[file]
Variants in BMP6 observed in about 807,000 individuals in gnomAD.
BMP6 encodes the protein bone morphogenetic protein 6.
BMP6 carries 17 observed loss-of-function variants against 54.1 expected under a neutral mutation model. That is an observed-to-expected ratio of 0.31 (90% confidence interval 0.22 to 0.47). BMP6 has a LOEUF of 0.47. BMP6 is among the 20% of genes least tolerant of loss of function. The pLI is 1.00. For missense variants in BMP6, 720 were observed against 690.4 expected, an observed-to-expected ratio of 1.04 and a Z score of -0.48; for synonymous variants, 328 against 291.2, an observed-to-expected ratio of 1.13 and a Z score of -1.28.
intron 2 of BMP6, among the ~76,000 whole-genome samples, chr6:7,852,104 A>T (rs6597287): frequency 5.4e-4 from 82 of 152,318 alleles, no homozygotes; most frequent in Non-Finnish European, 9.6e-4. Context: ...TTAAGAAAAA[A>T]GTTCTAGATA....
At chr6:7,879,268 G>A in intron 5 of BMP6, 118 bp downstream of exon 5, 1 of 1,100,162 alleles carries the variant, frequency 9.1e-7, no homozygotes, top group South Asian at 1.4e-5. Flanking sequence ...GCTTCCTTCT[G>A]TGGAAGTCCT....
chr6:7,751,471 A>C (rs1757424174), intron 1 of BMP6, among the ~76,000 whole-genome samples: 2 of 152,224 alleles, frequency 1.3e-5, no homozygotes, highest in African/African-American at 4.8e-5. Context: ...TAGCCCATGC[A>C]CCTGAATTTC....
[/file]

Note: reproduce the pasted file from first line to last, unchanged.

Variants in BMP6 observed in about 807,000 individuals in gnomAD.
BMP6 encodes the protein bone morphogenetic protein 6.
BMP6 carries 17 observed loss-of-function variants against 54.1 expected under a neutral mutation model. That is an observed-to-expected ratio of 0.31 (90% confidence interval 0.22 to 0.47). BMP6 has a LOEUF of 0.47. BMP6 is among the 20% of genes least tolerant of loss of function. The pLI is 1.00. For missense variants in BMP6, 720 were observed against 690.4 expected, an observed-to-expected ratio of 1.04 and a Z score of -0.48; for synonymous variants, 328 against 291.2, an observed-to-expected ratio of 1.13 and a Z score of -1.28.
intron 2 of BMP6, among the ~76,000 whole-genome samples, chr6:7,852,104 A>T (rs6597287): frequency 5.4e-4 from 82 of 152,318 alleles, no homozygotes; most frequent in Non-Finnish European, 9.6e-4. Context: ...TTAAGAAAAA[A>T]GTTCTAGATA....
At chr6:7,879,268 G>A in intron 5 of BMP6, 118 bp downstream of exon 5, 1 of 1,100,162 alleles carries the variant, frequency 9.1e-7, no homozygotes, top group South Asian at 1.4e-5. Flanking sequence ...GCTTCCTTCT[G>A]TGGAAGTCCT....
chr6:7,751,471 A>C (rs1757424174), intron 1 of BMP6, among the ~76,000 whole-genome samples: 2 of 152,224 alleles, frequency 1.3e-5, no homozygotes, highest in African/African-American at 4.8e-5. Context: ...TAGCCCATGC[A>C]CCTGAATTTC....